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    The Role of Food and Bacteria in The Digestive System

    The Role of Food and Bacteria in The Digestive System

    We eat every day, but how often do we stop to think about how that process happens? Have you ever thought about how the digestive system functions.

    Your digestive system works with many parts to break down what you eat. Through the digestive process, your body absorbs needed nutrients from your food and gets rid of excess waste and any indigestible parts of whatever you have eaten. They say you are what you eat, and your digestive system organs and functions will follow suit.

    To gain a bigger picture of how it all works, it might help to follow your food!

    How Does the Digestive System Work for Kids and Adults? Follow Your Food

    Digestion can start before you even begin eating! Just looking at, smelling, or thinking of delicious food results in your brain sending signals that food is on the way. This signal triggers your salivary glands to produce saliva, which is an important helper in breaking down the food in your mouth (also called mechanical digestion) and sending it down the digestive tract.

    Once your food has been chewed down to a smaller travel size, it takes a voyage through your digestive system before exiting the body. After you swallow, your esophagus leads food into your stomach.

    At this point, food is further broken down by acids and digestive enzymes (known as chemical digestion). Inside the small intestines and large intestines food becomes more deconstructed while nutrients reabsorb into the body. Whatever is left of the food and makes it to excretion is waste that can't be used by the body.

    Is Bacteria Bad or Good?

    Within your gut lives a diverse colony of bacteria. Certain bad bacteria give all bacteria a bad reputation, but there are a lot of good bacteria that live inside your gut - thousands actually! These good bacteria do the work needed to support your body's digestive system and prevent you from getting sick.

    Despite there being many good bacteria, bad bacteria can also live within the gut. If there are too many bad bacteria and not enough good bacteria, a person might suffer from digestive system disorders, like diarrhea, or illnesses affecting other systems, like yeast infections. When good bacteria levels get damaged by bad bacteria, it can take weeks or months to regenerate healthy levels of good bacteria.

    Luckily, there are some measures you can take to help good bacteria win the fight. One simple thing you can do is make sure you get a healthy intake of prebiotic and probiotic foods.

    Prebiotics are food fibers that only your good bacteria can break down, think of prebiotics as food just for your gut flora! Good bacteria like to munch on fibrous foods which contain prebiotics - like fruits, vegetables, and whole grains.

    Probiotics are good organisms that live inside your body and support your immune function and help out with digestion. Probiotics come from certain foods - like yogurt and cheese - or in a supplement form and encourage the growth of good bacteria. A win for good bacteria is a win for you!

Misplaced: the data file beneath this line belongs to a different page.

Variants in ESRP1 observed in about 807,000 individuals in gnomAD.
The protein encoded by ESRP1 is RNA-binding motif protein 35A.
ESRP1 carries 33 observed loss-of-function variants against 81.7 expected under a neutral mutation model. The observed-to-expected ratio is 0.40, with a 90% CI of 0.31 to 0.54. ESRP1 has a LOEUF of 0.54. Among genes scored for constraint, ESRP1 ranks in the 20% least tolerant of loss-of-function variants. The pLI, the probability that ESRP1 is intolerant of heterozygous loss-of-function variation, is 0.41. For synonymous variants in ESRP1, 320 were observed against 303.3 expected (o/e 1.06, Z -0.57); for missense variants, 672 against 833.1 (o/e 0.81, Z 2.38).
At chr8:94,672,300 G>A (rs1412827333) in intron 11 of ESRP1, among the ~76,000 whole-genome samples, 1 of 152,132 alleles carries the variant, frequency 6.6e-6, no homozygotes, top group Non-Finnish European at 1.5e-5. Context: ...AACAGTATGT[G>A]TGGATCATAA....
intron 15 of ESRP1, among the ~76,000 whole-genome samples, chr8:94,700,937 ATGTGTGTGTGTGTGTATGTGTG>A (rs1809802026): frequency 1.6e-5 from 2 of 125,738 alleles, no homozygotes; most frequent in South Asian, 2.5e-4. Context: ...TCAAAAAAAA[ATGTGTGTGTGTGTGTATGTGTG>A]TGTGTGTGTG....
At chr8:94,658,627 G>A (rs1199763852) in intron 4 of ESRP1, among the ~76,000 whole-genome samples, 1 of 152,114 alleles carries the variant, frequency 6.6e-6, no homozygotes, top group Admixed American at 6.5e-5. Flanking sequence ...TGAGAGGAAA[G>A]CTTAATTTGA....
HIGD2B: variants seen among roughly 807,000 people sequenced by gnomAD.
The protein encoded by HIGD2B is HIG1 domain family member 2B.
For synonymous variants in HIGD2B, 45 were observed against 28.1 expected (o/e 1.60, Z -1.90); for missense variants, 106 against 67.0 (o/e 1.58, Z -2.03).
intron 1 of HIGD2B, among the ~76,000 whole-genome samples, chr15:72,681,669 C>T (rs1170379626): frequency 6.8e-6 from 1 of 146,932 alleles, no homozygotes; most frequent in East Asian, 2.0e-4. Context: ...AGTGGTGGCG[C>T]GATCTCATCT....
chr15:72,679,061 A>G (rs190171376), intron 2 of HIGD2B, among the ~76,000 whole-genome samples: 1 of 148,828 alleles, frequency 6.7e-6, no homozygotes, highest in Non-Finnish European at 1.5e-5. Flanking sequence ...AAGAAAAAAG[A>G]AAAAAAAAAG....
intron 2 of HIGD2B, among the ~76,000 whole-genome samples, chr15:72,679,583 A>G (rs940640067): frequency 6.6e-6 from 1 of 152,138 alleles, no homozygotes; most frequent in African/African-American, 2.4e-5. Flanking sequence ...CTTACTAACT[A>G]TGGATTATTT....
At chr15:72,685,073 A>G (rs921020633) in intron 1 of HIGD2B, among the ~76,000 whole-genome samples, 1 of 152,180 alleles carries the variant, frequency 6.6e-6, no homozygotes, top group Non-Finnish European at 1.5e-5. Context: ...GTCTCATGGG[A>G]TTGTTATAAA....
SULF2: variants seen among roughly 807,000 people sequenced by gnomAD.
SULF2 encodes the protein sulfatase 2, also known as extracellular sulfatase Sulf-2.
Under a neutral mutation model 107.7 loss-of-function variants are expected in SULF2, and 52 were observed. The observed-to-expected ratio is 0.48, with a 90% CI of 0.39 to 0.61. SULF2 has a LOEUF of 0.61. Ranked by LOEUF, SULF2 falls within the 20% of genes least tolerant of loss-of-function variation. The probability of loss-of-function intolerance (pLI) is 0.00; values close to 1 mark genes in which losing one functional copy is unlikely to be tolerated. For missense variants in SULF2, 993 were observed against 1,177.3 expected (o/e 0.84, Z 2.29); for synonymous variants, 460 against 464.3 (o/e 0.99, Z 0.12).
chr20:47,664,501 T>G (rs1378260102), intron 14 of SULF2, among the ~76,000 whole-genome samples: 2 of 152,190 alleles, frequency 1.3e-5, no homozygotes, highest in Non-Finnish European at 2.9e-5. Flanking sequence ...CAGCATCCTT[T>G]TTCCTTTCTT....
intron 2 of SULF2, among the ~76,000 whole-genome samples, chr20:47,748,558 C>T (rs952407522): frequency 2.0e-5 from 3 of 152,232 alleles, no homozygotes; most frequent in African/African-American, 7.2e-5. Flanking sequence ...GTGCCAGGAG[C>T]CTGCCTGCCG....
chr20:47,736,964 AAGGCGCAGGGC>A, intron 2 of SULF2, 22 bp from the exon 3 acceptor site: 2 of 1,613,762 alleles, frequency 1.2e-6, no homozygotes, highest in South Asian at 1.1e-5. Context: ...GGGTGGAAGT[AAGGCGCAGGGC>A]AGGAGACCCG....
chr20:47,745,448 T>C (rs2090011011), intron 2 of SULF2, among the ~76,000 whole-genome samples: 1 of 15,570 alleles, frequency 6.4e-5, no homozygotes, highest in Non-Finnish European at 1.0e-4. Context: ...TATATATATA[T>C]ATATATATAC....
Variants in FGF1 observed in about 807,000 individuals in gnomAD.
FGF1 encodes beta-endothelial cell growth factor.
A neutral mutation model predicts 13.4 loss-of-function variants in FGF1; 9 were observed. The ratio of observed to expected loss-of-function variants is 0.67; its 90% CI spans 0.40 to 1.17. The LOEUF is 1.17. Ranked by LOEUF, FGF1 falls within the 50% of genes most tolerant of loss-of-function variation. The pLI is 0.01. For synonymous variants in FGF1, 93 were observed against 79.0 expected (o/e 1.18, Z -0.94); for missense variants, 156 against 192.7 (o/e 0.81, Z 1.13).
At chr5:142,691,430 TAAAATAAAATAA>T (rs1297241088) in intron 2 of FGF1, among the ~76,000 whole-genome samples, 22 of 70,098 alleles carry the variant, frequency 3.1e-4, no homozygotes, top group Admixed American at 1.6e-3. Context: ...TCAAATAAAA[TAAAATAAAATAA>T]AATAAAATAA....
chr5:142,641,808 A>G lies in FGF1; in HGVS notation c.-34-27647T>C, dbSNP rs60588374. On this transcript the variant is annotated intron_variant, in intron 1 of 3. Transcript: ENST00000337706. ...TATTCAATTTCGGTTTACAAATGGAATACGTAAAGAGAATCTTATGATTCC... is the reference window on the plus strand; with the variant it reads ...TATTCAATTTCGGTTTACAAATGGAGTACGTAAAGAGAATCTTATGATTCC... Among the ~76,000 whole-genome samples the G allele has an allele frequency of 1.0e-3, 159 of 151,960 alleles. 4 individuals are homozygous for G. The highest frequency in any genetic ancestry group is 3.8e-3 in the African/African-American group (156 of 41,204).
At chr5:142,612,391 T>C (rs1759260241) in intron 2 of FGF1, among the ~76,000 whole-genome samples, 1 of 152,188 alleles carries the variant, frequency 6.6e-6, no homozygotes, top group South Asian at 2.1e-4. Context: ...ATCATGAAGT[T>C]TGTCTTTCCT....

Fun Fact:

    There are around 100 trillion bacteria inside your digestive system! All together, these are the microbiota ecosystem!

    Parent Tip:

    When giving antibiotics, keep in mind they can eliminate many good bacteria while trying to get rid of bad bacteria. If you do a round of antibiotics, probiotic supplements can help restore your child's good gut bacteria levels. Talk to your doctor about this.

    How Does the Digestive System Work with Other Systems?

    They say teamwork makes the dream work, and this is true about your body’s systems as well! The digestive system can’t function properly without support from the nervous, circulatory, cardiovascular and muscular systems.

    The digestive system works with the circulatory system to absorb nutrients and spread them throghout the body. It works with the nervous system to send signals to the brain and other organs. The cardiovascular system provides oxygen and nutrients needed to produce energy, and the muscular system helps you pass food through your body. See, it’s all connected!

    Cultural Beliefs About Nutrition

    Everybody eats, but not every person ingests the same foods to get their nutrition. This is because cultures and the foods those cultures normally eat differ around the globe! What one culture might eat for breakfast every morning might not be what you think of when you are considering what to eat for breakfast.

    Kids in Hong Kong might eat Congee ("rice porridge"), while kids in Russia might have Kasha ("buckwheat porridge"), and kids in America might have a bowl of oatmeal. Even though these foods have unique names, looks, and tastes, all of these foods contain soluble and insoluble fiber and as a result offer the same nutrition.


    Activity:Ask your kids to research some traditional foods from other cultures. Once they do, try out a recipe for that dish together.


    To learn more about your digestive system, join the Loops Crew in Adventure 5: The Digestive System as they travel through Ancient Japan in the Adventure Series: 12 Systems of the Body!

    Adventure 3: The Circulatory System

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